The introduction of excise duties on biomass and other renewables in Croatia was the main topic during the International Conference on Biomass and Renewable Energy Sources held in Zagreb.
The representatives of the Croatian Wood Cluster, which has been the conference organizer for seven years in a row, have warned that the introduction of the excise duties on renewables, including biomass, would completely destroy biomass cogeneration and pellet production in that country. According to announcements, the excise duties on products derived from renewables will be 15%.
The CROBIOM association which brings together pellet and biomass producers, as well as associated technologies, says that the introduction of such charges would be “a dangerous precedent”.
“Moreover, the retrograde changes to the conditions for investment will be a blow to all those investors who have already invested hundreds of millions of euros in energy production from wooden biomass, which have perceived Croatia as a stable region for investment, as well as to dozens of local and foreign business entities, which are in various stages of preparation and implementation of biomass cogeneration projects,” reads the press release published by CROBIOM.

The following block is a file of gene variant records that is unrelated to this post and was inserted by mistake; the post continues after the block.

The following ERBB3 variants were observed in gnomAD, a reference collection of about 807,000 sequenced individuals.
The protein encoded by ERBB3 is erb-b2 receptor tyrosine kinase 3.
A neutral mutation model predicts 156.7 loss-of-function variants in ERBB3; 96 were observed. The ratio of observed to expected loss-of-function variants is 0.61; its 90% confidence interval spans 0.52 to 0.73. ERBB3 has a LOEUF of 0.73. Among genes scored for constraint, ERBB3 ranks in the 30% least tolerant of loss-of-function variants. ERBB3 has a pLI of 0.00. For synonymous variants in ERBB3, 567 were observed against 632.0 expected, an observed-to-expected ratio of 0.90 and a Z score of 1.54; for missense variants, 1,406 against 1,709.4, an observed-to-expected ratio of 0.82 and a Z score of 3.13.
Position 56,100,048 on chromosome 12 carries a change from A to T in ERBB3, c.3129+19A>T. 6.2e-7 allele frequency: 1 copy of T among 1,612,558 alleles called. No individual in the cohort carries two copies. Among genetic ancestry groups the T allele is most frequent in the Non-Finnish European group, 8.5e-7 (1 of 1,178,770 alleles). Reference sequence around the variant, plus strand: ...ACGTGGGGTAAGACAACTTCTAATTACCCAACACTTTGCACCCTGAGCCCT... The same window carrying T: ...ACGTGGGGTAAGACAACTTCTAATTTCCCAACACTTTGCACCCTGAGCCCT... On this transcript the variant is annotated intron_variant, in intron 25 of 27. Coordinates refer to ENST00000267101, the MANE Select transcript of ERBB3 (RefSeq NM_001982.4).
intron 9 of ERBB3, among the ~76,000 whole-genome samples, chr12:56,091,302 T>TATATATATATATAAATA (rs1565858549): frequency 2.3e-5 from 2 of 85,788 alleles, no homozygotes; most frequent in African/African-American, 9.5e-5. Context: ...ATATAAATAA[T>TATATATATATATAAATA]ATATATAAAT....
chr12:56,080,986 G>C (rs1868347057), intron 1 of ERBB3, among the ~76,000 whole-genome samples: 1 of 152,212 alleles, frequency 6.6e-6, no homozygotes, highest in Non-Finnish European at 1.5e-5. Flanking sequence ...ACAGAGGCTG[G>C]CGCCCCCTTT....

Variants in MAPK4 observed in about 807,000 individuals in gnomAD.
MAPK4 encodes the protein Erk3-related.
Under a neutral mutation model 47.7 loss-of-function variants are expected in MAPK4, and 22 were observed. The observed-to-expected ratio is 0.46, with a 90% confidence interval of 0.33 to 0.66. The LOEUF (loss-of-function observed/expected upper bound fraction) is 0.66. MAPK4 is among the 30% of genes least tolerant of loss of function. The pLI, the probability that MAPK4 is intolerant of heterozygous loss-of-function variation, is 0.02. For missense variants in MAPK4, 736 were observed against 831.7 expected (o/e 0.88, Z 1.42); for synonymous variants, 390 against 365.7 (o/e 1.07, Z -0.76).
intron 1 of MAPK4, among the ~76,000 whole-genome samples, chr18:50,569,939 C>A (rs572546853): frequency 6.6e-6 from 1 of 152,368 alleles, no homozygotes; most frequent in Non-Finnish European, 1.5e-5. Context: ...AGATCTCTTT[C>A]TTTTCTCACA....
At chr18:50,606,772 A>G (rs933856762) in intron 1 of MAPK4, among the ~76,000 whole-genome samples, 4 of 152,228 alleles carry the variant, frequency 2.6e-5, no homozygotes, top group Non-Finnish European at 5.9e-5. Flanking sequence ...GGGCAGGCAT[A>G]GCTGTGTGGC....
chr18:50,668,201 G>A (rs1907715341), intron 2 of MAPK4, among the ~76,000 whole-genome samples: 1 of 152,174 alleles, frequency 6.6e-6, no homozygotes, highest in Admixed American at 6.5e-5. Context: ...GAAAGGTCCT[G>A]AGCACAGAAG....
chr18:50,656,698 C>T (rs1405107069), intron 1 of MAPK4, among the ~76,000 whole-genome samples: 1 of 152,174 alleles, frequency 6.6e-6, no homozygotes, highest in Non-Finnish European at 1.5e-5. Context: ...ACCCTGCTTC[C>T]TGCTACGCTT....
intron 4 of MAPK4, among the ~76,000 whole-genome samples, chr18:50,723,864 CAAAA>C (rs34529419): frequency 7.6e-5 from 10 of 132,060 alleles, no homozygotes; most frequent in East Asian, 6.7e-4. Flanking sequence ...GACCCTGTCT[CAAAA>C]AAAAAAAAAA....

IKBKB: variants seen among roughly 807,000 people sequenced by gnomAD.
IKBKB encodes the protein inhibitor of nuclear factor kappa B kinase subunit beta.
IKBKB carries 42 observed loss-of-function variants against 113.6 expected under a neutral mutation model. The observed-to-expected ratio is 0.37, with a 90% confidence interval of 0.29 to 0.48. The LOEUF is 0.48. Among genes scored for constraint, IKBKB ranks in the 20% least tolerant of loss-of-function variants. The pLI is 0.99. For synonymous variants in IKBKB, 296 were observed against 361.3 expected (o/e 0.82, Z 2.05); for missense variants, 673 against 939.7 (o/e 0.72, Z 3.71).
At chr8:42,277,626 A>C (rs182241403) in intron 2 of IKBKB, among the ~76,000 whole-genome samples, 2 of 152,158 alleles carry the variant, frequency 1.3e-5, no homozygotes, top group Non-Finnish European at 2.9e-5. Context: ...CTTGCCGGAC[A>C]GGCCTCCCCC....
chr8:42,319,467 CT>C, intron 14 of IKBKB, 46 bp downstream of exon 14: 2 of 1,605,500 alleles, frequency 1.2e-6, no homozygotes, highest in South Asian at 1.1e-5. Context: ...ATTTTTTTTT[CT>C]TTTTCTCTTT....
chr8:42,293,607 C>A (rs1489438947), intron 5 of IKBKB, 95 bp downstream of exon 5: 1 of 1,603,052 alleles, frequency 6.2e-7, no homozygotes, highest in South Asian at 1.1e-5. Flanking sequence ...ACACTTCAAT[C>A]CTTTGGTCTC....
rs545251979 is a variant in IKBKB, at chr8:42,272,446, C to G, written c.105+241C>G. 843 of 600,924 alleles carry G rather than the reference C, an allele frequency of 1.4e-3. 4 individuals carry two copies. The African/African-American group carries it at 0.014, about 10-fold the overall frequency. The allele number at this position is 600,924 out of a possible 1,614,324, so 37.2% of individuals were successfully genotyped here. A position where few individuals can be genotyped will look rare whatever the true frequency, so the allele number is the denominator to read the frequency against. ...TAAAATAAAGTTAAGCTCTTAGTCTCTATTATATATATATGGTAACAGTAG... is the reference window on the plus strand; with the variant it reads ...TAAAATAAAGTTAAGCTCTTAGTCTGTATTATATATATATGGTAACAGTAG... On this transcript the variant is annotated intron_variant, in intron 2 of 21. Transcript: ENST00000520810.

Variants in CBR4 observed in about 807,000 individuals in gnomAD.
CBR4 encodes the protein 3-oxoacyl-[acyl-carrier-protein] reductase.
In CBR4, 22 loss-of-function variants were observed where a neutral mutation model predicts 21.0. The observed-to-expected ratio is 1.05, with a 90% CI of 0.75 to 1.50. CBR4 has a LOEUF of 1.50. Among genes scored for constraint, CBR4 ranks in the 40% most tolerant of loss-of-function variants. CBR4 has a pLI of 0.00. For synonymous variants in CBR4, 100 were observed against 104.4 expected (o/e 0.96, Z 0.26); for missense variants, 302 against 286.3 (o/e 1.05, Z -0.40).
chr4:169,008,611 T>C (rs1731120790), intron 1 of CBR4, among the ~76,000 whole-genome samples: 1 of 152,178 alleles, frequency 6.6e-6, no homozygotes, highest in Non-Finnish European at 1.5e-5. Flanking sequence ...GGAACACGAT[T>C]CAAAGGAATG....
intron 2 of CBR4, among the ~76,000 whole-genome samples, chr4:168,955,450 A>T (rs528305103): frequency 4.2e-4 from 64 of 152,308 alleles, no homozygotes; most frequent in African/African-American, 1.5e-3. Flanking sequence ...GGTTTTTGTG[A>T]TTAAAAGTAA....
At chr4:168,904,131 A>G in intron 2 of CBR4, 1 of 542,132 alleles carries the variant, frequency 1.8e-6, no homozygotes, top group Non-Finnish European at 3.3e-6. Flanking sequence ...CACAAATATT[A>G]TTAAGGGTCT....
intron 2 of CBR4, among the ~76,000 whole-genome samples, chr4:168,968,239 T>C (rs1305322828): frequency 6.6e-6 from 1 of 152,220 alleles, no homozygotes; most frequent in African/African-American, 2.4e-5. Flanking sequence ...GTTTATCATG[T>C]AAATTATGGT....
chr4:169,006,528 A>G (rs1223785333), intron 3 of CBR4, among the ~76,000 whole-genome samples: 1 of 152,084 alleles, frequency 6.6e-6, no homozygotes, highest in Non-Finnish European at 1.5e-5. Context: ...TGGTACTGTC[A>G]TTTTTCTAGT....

Investments worth EUR 640 million threatened
According to the representatives of the industry, the consequences of the announced proposal on the introduction of the excise duties could be immeasurable and far-reaching for an array of industrial sectors. First of all, the future of rural areas could be affected, where these measures would have an adverse impact on employment.
The wood industry in Croatia makes up 10% of the country’s export and accounts for 3.6% of the GDP. The introduction of excise duties would threaten investments worth more than EUR 190 million, as well as projects in progress worth more than EUR 450 million.
— CROBIOM (@crobiom) February 24, 2017
Viktor Radić, the regional manager for the South-Eastern Europe (SEE) of the Austrian company Polytechnik, who attended the conference in Zagreb also believes that such measures are a blow to investors.
“Such a model does not exist anywhere in Europe, that you on one side support electricity producers with feed-in tariff and on the other side you take a share from their profits through excise duties,” says Radić for the portal Balkan Green Energy News.
The representatives of the European Biomass Association (AEBIOM) have also attended the conference. They are working on a response to the proposed measures. If the Government decided to apply them, the Association will react, according to the information from the conference.
The conference has brought together more than 250 participants from SEE, France, Belgium, Germany and Austria. However, none of the decision makers in Croatia has participated in it.